baseball fans are filled with hope and anticipation. The start of the 162-game season signals the arrival of warmer weather, and fan mood appears to be at an all-time high. Before the first pitch is thrown, it appears like any team is capable of winning the World Series.
Along with published odds and club history, we scoured Twitter to see which fan groups are the most optimistic about their team during spring training. We then used this information to construct a picture of how this baseball season may unfold.
Now Is Our Time
You can learn a great deal about a team through Twitter, particularly through fan tweets. We monitored tweets during spring training (from February 14 to March 21, 2018) to gauge the general mood before the start of the season. Unsurprisingly, folks were quite confident in the reigning champions, the Houston Astros. The Cleveland Indians were not too far behind in terms of fan feeling. While ultimately losing to the Chicago Cubs in the 2016 World Series, the “Tribe” returned to the postseason the following season. The expectation is that they will repeat the same strategy in fall.
The Cleveland Indians will win the World Series in 2018.
— Retweeted by 0nefinity on March 17, 2018
On the opposite end of the spectrum were fan bases that were not overly excited about their team’s World Series chances. For example, the San Diego Padres rated worst in fan sentiment. The franchise has never won the World Series, and despite offseason signings like as Eric Hosmer, they have not qualified for the playoffs since 2006. Despite reaching the postseason three times since 2011, sentiment among Baltimore Orioles fans was almost same. Perhaps it’s owing to their location in the American League East, where they’re surrounded by clubs like the New York Yankees, or perhaps it’s because of worries about the starting pitching rotation.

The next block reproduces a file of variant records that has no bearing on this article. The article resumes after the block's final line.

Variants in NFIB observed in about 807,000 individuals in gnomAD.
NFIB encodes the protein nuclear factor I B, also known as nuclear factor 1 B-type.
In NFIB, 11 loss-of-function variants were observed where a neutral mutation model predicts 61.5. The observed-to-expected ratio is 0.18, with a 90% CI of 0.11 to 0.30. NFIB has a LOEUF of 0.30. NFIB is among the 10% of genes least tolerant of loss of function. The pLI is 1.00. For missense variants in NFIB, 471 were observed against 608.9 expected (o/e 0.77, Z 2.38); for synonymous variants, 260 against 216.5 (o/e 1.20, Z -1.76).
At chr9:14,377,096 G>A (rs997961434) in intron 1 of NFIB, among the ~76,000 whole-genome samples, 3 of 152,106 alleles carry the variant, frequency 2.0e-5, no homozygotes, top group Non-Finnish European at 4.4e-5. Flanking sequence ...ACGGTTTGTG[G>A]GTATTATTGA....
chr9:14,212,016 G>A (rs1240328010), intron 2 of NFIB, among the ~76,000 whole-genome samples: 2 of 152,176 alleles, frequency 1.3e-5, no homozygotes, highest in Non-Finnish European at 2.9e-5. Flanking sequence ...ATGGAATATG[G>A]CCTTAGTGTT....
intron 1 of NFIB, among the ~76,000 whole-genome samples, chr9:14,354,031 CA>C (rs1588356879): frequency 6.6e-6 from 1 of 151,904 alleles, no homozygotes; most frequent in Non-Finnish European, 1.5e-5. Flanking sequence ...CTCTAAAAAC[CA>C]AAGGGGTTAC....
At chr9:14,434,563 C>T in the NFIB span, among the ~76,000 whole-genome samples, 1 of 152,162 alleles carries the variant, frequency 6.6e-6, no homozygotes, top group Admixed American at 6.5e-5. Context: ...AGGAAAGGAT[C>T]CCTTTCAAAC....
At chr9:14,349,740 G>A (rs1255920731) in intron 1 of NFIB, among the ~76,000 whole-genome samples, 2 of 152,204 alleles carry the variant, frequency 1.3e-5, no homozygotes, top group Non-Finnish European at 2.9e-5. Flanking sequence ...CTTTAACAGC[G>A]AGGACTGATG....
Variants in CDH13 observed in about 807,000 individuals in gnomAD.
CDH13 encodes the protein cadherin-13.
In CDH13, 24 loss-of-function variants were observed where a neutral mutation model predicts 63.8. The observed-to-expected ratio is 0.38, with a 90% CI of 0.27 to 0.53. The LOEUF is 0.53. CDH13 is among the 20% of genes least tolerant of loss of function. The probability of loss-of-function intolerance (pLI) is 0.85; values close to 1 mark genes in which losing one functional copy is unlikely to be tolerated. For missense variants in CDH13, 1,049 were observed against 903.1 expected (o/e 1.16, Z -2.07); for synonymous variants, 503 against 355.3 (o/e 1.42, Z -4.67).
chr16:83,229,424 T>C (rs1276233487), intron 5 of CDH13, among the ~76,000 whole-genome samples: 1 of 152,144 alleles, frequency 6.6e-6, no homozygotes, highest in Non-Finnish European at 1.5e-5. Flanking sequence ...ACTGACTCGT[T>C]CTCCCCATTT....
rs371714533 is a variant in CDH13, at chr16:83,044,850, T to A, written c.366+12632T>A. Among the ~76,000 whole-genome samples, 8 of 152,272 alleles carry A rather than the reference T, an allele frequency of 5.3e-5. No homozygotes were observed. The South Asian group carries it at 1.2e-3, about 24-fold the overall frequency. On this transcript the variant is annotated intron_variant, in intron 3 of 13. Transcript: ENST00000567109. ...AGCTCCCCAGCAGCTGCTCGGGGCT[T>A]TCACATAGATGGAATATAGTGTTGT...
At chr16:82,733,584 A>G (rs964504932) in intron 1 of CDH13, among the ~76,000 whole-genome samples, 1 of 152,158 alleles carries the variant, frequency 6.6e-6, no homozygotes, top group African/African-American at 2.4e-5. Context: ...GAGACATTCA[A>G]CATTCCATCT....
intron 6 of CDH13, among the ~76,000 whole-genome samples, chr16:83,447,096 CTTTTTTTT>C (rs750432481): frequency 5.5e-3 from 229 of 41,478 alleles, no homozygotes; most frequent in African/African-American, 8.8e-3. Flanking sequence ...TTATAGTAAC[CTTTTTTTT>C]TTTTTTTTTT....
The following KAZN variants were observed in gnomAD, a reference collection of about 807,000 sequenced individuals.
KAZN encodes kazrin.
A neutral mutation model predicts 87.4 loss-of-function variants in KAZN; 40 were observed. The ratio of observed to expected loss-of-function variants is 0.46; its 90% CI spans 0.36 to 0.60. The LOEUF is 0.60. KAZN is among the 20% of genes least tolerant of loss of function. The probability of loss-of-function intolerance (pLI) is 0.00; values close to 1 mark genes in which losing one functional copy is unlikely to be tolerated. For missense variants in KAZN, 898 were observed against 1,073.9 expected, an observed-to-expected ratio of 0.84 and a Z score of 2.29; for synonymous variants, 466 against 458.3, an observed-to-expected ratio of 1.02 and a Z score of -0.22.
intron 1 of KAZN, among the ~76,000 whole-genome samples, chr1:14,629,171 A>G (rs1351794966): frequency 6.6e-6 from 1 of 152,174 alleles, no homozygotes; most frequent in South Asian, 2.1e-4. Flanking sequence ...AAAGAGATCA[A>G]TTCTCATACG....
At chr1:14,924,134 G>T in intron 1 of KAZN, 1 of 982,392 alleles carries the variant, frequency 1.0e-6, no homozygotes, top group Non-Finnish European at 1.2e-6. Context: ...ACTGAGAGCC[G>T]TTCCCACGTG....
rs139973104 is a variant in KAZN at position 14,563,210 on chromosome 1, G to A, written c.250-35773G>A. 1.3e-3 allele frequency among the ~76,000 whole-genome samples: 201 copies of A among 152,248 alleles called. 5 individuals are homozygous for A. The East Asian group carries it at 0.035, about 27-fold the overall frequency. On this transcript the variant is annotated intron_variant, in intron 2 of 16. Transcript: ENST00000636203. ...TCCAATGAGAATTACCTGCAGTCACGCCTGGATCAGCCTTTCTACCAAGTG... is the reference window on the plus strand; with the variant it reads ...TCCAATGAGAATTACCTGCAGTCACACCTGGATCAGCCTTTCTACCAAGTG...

Now, let’s examine the probabilities of a deep postseason run and World Series championship. We integrated odds from CBS Sports, Bleacher Report, and Vegas Insider to generate a “combined odds” meta rank, and then determined the difference between the two (sentiment rank and combined odds rank). This provided us with a better understanding of how fan emotion compared to real odds and what this indicates about a team’s support base.
For instance, the aggregate odds placed the Miami Marlins in last place (30). As the baseball season began, Marlins supporters had a somewhat realistic view compared to fan sentiment (27). This was comparable to the reigning champions. The Astros’ combined odds (2) and fan emotion (1) were in sync, indicating ‘Stros supporters were optimistic about the team’s chances of repeating as champions.
However, the expectations and hopes of fans of the opposing club were not quite in line with the odds. The Cincinnati Reds, for example, were placed 28 with aggregate odds, but their supporters were ranked 7 for hope and optimism. This may indicate that the club has fans who are willing to encourage their players during difficult times.
On the other hand, the Los Angeles Dodgers are the defending National League champions. The combined odds had them in the top position (1), but fan feeling was a far cry from No. 1. Perhaps the World Series defeat affected fan morale and optimism.
Hey Batter, Batter